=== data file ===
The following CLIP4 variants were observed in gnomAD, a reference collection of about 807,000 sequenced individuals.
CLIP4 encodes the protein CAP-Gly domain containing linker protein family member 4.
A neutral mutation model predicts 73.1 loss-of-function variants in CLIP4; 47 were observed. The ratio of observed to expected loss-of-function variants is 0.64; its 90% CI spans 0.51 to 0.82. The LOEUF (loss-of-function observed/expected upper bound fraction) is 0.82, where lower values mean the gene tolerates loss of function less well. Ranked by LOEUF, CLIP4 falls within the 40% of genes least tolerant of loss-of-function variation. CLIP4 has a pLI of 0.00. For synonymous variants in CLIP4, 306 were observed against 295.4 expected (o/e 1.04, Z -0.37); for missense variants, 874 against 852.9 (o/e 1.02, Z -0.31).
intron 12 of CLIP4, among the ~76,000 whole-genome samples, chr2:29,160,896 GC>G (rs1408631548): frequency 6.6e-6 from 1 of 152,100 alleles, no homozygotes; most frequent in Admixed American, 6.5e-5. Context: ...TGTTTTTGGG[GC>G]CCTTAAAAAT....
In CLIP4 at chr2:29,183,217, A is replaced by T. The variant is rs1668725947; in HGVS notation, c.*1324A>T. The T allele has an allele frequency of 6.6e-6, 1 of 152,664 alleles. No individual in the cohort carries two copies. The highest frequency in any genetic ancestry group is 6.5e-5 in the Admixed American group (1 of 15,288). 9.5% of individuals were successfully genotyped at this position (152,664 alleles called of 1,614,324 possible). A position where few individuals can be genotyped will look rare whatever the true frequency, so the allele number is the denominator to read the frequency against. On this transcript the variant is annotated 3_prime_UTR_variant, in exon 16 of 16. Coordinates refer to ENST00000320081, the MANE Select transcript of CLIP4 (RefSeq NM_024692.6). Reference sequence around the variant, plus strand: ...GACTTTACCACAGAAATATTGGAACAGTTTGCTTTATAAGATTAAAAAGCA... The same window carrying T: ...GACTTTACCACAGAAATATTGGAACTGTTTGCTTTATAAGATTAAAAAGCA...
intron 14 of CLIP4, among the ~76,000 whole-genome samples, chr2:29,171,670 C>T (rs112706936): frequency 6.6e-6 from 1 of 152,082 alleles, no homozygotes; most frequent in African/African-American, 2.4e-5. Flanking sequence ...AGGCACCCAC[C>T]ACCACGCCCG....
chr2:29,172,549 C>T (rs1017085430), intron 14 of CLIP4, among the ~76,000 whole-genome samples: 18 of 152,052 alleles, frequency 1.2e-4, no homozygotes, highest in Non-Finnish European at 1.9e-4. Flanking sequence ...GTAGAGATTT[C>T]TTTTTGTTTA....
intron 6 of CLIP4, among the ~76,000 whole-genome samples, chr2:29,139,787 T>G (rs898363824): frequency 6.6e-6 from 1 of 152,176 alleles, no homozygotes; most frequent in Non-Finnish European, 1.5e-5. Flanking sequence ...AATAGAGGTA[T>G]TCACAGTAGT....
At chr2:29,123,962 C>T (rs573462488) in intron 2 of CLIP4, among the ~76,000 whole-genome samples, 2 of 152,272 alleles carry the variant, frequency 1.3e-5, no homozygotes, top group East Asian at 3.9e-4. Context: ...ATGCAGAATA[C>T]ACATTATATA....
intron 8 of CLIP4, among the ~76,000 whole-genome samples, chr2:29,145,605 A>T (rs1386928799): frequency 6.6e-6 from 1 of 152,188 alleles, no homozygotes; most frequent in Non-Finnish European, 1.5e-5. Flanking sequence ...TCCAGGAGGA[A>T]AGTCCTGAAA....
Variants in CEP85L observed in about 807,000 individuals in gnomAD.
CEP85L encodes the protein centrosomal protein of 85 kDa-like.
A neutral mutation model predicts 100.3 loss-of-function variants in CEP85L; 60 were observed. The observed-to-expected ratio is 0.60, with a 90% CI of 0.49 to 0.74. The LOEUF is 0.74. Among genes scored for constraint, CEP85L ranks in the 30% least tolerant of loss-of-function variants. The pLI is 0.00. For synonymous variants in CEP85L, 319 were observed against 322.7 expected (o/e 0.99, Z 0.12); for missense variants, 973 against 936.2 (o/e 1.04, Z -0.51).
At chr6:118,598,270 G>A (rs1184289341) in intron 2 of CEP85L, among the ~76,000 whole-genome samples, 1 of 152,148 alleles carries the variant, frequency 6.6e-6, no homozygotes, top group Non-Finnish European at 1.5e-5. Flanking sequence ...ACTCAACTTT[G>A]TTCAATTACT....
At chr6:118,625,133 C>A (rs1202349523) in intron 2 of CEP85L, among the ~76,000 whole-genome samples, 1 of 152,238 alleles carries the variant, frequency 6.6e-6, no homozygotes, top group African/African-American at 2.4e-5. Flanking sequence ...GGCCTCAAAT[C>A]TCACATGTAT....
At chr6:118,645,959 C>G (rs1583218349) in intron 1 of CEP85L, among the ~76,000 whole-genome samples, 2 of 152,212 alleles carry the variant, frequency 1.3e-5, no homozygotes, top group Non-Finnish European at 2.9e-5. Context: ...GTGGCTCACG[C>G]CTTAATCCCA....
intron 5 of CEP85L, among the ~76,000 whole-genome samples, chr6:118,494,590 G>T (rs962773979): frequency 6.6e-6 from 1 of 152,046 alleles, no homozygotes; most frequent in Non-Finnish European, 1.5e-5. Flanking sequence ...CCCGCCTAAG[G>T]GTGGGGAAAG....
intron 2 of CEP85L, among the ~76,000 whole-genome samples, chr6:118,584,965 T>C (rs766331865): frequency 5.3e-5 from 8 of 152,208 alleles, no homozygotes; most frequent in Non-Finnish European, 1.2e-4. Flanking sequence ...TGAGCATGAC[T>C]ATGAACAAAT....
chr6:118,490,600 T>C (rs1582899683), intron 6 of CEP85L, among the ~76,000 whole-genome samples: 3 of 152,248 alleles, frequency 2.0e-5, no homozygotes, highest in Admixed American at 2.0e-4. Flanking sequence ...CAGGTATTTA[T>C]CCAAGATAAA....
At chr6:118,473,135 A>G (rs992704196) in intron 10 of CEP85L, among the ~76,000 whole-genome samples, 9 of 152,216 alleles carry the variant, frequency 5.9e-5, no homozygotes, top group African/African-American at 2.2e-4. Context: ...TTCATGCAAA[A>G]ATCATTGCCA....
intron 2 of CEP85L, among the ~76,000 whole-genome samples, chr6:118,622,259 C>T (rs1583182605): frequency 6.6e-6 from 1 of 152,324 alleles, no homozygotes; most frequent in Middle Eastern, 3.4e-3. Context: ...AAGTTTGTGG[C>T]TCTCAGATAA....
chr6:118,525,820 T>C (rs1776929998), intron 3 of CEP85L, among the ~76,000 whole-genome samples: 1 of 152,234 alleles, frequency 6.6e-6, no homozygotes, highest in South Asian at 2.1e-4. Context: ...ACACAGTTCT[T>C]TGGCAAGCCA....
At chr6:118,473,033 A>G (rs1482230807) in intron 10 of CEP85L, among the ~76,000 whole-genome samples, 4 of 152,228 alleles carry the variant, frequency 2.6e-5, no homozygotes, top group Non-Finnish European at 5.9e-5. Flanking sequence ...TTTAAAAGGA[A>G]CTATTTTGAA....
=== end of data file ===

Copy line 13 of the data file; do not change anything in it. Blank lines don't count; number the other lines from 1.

A neutral mutation model predicts 100.3 loss-of-function variants in CEP85L; 60 were observed. The observed-to-expected ratio is 0.60, with a 90% CI of 0.49 to 0.74. The LOEUF is 0.74. Among genes scored for constraint, CEP85L ranks in the 30% least tolerant of loss-of-function variants. The pLI is 0.00. For synonymous variants in CEP85L, 319 were observed against 322.7 expected (o/e 0.99, Z 0.12); for missense variants, 973 against 936.2 (o/e 1.04, Z -0.51).